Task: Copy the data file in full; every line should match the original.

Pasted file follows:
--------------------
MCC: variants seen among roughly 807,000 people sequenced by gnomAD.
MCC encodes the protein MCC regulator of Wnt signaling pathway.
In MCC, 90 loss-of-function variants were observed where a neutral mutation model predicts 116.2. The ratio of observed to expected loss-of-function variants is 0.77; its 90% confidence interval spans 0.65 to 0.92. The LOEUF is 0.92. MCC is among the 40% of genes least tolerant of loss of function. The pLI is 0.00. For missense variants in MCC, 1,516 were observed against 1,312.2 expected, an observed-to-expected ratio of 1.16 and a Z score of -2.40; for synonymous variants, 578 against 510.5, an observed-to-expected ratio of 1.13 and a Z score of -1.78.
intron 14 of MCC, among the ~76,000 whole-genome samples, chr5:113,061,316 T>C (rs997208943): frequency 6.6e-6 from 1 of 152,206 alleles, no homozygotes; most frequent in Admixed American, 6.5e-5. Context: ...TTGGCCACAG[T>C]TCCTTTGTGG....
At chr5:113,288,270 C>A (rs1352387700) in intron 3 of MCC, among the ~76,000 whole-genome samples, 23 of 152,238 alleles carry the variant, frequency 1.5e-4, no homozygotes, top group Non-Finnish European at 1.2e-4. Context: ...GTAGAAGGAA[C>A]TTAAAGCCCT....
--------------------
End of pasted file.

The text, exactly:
MCC: variants seen among roughly 807,000 people sequenced by gnomAD.
MCC encodes the protein MCC regulator of Wnt signaling pathway.
In MCC, 90 loss-of-function variants were observed where a neutral mutation model predicts 116.2. The ratio of observed to expected loss-of-function variants is 0.77; its 90% confidence interval spans 0.65 to 0.92. The LOEUF is 0.92. MCC is among the 40% of genes least tolerant of loss of function. The pLI is 0.00. For missense variants in MCC, 1,516 were observed against 1,312.2 expected, an observed-to-expected ratio of 1.16 and a Z score of -2.40; for synonymous variants, 578 against 510.5, an observed-to-expected ratio of 1.13 and a Z score of -1.78.
intron 14 of MCC, among the ~76,000 whole-genome samples, chr5:113,061,316 T>C (rs997208943): frequency 6.6e-6 from 1 of 152,206 alleles, no homozygotes; most frequent in Admixed American, 6.5e-5. Context: ...TTGGCCACAG[T>C]TCCTTTGTGG....
At chr5:113,288,270 C>A (rs1352387700) in intron 3 of MCC, among the ~76,000 whole-genome samples, 23 of 152,238 alleles carry the variant, frequency 1.5e-4, no homozygotes, top group Non-Finnish European at 1.2e-4. Context: ...GTAGAAGGAA[C>A]TTAAAGCCCT....